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Annual wellness visits slow, but are still vital for health

Updated March 16, 2021 - 10:26 pm

Some people have delayed an annual trip to the doctor’s office to stay on top of their health maintenance during the pandemic.

But the need for that annual appointment is still an important task.

“It’s still important for people to come in for their well checks and stay on top of their health maintenance as we call it—do their yearly labs and cancer screening,” said Dr. Ryan McComb at Southwest Medical.

McComb said it’s still safe to come into the office as long as people follow general recommended guidelines, including wearing a mask and not coming in if you’re sick.

There has been a slowdown of people coming into the office.

“I think last year a lot of people wanted to hold off until the COVID-19 thing was over, but we’re doing our best to reach out to people, getting them to come in,” McComb said.

What’s included in a screening?

Depending on age and the health of a person coming in for an annual check, different types of checks may be considered.

“They’re generally based on age and gender, and there’s some adjustment for what medical conditions they may already have or family history of certain illnesses,” McComb said.

A little extra time is usually taken with an annual visit.

“We like to take a little bit more time than usual—typically half an hour or more if we have the time to spend with the patients talking about as much stuff as we can—because there is a lot to talk about,” McComb said.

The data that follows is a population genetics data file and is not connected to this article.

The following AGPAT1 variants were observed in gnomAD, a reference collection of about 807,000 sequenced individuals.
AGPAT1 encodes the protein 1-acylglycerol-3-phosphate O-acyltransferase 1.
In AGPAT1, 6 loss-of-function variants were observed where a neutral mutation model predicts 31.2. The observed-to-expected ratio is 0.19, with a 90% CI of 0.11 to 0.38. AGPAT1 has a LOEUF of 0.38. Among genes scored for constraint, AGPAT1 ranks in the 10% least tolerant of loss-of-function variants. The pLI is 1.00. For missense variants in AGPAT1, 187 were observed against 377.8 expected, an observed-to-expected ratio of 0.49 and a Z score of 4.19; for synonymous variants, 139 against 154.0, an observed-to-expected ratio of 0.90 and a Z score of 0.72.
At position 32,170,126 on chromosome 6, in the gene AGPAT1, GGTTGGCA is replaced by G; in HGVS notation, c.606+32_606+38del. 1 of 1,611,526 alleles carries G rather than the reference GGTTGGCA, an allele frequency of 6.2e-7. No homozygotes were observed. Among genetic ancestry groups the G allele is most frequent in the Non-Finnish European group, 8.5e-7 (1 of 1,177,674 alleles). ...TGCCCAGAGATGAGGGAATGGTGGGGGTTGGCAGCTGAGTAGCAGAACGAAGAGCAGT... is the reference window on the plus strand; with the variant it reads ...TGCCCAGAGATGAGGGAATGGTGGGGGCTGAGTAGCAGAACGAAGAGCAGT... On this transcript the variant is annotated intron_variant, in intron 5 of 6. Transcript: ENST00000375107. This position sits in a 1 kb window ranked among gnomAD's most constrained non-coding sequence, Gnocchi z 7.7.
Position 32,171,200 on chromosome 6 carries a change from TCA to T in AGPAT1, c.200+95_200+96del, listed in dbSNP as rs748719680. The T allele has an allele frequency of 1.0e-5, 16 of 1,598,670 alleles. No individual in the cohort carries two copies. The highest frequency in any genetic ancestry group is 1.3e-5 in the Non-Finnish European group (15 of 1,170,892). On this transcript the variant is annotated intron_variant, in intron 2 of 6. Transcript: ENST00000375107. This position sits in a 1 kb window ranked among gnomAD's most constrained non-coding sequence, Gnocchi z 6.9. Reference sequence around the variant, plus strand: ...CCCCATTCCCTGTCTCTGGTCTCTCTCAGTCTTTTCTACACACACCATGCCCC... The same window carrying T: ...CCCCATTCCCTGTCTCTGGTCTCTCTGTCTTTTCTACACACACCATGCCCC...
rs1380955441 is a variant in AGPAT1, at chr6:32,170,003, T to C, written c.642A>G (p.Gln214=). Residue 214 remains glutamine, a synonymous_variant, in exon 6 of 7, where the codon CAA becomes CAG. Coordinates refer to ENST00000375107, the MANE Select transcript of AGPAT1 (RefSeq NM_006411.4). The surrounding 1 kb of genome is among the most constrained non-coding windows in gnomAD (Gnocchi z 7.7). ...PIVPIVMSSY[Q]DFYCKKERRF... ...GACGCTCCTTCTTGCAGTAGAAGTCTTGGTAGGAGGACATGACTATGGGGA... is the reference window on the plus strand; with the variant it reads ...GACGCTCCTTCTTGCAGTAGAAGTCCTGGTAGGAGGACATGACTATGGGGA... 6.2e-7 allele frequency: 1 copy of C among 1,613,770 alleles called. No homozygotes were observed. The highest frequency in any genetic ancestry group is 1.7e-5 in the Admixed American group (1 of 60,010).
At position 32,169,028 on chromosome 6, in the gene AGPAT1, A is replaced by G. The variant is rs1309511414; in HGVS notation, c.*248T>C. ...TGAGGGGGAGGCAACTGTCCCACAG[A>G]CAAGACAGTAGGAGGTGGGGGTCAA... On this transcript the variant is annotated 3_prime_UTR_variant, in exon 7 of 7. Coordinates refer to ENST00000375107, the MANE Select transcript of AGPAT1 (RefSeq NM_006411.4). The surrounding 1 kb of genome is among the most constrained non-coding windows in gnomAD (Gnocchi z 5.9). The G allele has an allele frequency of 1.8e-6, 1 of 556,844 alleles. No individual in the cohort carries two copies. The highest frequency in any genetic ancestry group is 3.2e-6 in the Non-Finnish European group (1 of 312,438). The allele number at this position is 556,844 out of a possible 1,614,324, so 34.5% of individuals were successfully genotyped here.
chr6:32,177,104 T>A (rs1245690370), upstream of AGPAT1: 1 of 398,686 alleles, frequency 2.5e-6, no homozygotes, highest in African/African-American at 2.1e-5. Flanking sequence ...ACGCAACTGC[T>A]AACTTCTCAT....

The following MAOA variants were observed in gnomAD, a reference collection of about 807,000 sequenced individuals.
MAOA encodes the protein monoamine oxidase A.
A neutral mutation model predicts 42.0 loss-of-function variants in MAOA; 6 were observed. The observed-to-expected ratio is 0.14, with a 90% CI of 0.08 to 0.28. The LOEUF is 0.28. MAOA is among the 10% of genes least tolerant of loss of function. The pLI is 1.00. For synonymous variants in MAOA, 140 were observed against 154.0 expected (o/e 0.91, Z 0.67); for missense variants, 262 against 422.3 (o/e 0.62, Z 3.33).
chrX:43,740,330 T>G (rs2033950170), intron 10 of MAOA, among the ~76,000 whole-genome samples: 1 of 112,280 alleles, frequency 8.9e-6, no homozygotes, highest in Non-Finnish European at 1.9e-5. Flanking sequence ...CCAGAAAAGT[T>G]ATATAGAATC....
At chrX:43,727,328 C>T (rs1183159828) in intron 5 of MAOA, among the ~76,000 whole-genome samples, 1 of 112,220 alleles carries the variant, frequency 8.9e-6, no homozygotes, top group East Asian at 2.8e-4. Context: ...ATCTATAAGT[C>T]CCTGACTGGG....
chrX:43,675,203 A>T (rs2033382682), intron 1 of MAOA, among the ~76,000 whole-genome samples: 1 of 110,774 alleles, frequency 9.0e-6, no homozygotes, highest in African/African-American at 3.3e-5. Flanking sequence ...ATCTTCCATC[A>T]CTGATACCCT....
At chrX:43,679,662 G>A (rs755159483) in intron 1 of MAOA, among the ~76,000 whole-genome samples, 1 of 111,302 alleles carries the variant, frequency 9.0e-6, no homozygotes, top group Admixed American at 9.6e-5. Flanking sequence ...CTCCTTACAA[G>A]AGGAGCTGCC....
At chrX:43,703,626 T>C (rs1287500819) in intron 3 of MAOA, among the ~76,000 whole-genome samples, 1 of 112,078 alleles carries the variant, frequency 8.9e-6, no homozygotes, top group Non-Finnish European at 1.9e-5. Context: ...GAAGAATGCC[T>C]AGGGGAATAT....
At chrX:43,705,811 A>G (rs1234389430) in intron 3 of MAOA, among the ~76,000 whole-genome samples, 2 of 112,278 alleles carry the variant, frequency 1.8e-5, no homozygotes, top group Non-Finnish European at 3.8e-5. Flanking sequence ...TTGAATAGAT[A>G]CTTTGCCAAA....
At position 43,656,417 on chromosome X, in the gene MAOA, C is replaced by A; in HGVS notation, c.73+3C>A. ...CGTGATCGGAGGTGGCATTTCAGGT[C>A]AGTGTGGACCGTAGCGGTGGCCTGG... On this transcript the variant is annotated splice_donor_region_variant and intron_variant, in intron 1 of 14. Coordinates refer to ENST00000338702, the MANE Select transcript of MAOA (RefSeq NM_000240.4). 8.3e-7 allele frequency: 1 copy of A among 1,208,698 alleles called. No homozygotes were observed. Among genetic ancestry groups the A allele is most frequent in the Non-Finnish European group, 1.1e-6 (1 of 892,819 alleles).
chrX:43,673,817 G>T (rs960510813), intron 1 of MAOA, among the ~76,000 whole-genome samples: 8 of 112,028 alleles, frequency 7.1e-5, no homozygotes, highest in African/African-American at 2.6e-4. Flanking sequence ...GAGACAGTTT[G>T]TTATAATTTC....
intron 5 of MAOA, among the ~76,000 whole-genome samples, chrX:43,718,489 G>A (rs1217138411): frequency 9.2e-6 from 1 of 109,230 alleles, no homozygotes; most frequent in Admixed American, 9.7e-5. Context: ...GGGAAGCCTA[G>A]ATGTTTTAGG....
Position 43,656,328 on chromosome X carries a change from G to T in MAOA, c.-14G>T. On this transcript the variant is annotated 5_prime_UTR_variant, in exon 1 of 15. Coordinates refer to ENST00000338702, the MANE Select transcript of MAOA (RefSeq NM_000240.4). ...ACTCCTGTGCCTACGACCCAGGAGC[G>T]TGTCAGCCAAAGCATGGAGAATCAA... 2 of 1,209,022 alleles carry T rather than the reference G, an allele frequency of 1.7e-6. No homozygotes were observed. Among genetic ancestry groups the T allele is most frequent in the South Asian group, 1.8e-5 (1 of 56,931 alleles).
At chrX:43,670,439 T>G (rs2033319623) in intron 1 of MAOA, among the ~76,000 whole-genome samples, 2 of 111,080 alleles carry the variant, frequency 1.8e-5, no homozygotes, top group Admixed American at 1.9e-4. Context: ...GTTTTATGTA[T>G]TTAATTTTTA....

Many of these annual checks could include cancer screening for women and men.

“Younger women get screening for cervical cancer,” McComb said. “They do that up to the age of 65, so it’s not just for young women.”

Other cancers screened for include breast cancer and colon cancer.

McComb said, “Breast cancer is the most common cancer in women and the second most cancer killer.”

Colon cancer is the third most common cancer in men and women, and the number three most deadly type of cancer.

“Around the age of 50 is when we start screening for these types of cancer—breast cancer and colon cancer,” McComb said.

McComb said they start screening for diabetes when people turn 35.

McComb stressed that people should come in for an annual visit.

“I think the main message is it’s easy to get caught up with sort of problem-based medicine,” McComb said. “You come in with an issue, and you want to get it fixed or you need one thing or another. But sometimes, you have to remember that even when everything is all good, there’s still maintenance and testing to be done to maintain your health and make sure everything is okay.”

Call the Pahrump Healthcare Center at 775-727-6400 for an appointment.

The office is at 2210 E. Calvada Blvd. in Pahrump.

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